the question is all of us who manipulate masks self represent in ways that
are deceptive to create a non fiction element that she talk about that
makes us uncomfortable.


DYSON: Many people do the same thing. So, the question is how do we the
question is how do we distinguish between a lie and mask and how do we talk
about self representations when it comes to race?

SCHULTZ: Zerlina about the question.

MAXWELL: I mean, I just, so I think that you don`t lie. I mean, I think
that, you know, saying that you are biologically black when that`s not
true, when we can see your parents and look at the DNA and say these are
your two European ancestors who are your parents. I think that`s one
thing. But I also want to just point out.


MAXWELL: That one of the things that bothers me the most about this story
is the fact that black women are deemed invisible in so many circumstances.
And so, just last week we were talking about McKinney, Texas and judiciary
belt back then. And talking about the fact that black women are brutalized
by the police officers and bystanders in the same way black men are. And
that story has basically been supplanted by this woman. Who is claiming
blackness as well and so, I think that the privilege she is using to take
up all of this space as we talk about black women, we are talking about her
and we`re not talking about what it`s like...

GARDERE: But in some ways Zerlina.

MAXWELL: ... to experience being a black woman.

GARDERE: But in some ways we fed into that the media. So, you know, I
wouldn`t point fingers at her just for that. But and your point does have
good credibility. But I would say again, the psychological overlay of
this, this is a woman who said in that interview this morning on "Today
Show", my being African-American and I`m paraphrasing, is about my journey,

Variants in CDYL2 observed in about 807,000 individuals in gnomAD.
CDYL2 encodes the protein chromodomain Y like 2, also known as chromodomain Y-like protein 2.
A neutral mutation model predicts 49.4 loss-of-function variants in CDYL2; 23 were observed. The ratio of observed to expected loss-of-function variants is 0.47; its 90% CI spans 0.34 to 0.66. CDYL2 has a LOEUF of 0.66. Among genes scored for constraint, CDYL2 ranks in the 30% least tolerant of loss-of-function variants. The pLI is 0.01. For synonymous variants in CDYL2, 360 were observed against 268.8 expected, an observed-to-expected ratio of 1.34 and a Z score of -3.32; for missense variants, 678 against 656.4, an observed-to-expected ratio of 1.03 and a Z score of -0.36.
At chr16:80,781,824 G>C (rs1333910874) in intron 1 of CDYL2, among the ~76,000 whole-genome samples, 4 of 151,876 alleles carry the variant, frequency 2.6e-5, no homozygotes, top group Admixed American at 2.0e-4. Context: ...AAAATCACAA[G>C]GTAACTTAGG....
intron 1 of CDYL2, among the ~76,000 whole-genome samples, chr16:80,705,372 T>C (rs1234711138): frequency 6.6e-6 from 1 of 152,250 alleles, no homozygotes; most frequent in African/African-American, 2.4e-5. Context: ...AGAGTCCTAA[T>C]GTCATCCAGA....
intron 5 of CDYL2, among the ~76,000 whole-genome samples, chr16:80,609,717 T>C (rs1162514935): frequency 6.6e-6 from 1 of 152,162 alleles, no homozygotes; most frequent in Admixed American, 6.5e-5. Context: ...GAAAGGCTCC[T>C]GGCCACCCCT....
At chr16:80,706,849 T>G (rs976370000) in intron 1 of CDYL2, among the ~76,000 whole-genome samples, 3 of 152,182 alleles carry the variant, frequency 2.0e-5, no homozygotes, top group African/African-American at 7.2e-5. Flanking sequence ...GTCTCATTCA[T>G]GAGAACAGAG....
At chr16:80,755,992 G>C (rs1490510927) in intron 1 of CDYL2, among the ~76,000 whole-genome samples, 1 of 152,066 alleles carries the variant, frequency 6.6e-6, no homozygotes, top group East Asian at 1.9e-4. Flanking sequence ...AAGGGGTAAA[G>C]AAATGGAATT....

which I understand, but also my survival. And so, as a psychologist, when
I hear about survival, it tells me did something traumatic happened to you
as the child, regarding your race, regarding your upbringing, and we`re
starting to see the cracks in the story with her parents, with her family
around those issues.

SCHULTZ: Well, the question begs it goes to her upbringing, does it not?

GARDERE: Or I think there is something there...

SCHULTZ: I mean the parents have got hand in this don`t they.

GARDERE: Where there is a smoke there`s a fire.

MAXWELL: Sure, yeah.

GARDERE: The way the parents are handling this now. And I`m not throwing
shade (ph) on the parents.


GARDERE: But the fast is there some real dysfunction there.

DYSON: Their accusation of (inaudible) with children as well I think in
there somewhere.

GARDERE: Yeah. And there is some real dysfunction there. And because of
that I wonder if being African-American, I don`t know. I`ve never examined
her, is more about a defense or coping mechanism versus just a healthy
integration of African-American culture. A lot of questions. Very complex
as Reverend Dyson said.

MAXWELL: But I just still think that if she actually is saying I am an
ally to the movement, I am someone who cares very much about the plight of
African-American women. Then I think there needs to be acknowledgment of
the privilege she literally embodied because he can literally go into a
white space and say I`m white or going to black space and claim blackness
in her skin.

SCHULTZ: In her world she`s a black woman.

DYSON: Well, but look.

SCHULTZ: I mean, in here she is a woman.

MAXWELL: But I couldn`t tomorrow wake up and saying I`m.

SCHULTZ: And she has done absolutely nothing.

MAXWELL: Walk around the (inaudible).

GARDERE: And it`s OK for here in her mind to be a black woman but then
don`t take it further and say biologically by checking off the boxes I am a
black woman, because now we go from something that is a reality in her mind
to something that becomes delusional when it comes to fact and biology.

SCHULTZ: All right. Dr. Jeff Gardere, Zerlina Maxwell and Dr. Michael
Eric Dyson, great to have all of you with us tonight. Thanks so much.

GARDERE: Thank you.

SCHULTZ: Still to come, Hillary Clinton takes a page from Nancy Pelosi on
trade. And the cardinals could be caught stealing off the field. Details
coming up. Stay with us.


SCHULTZ: And the numbers are coming in on the Ed Show. That Donald`s got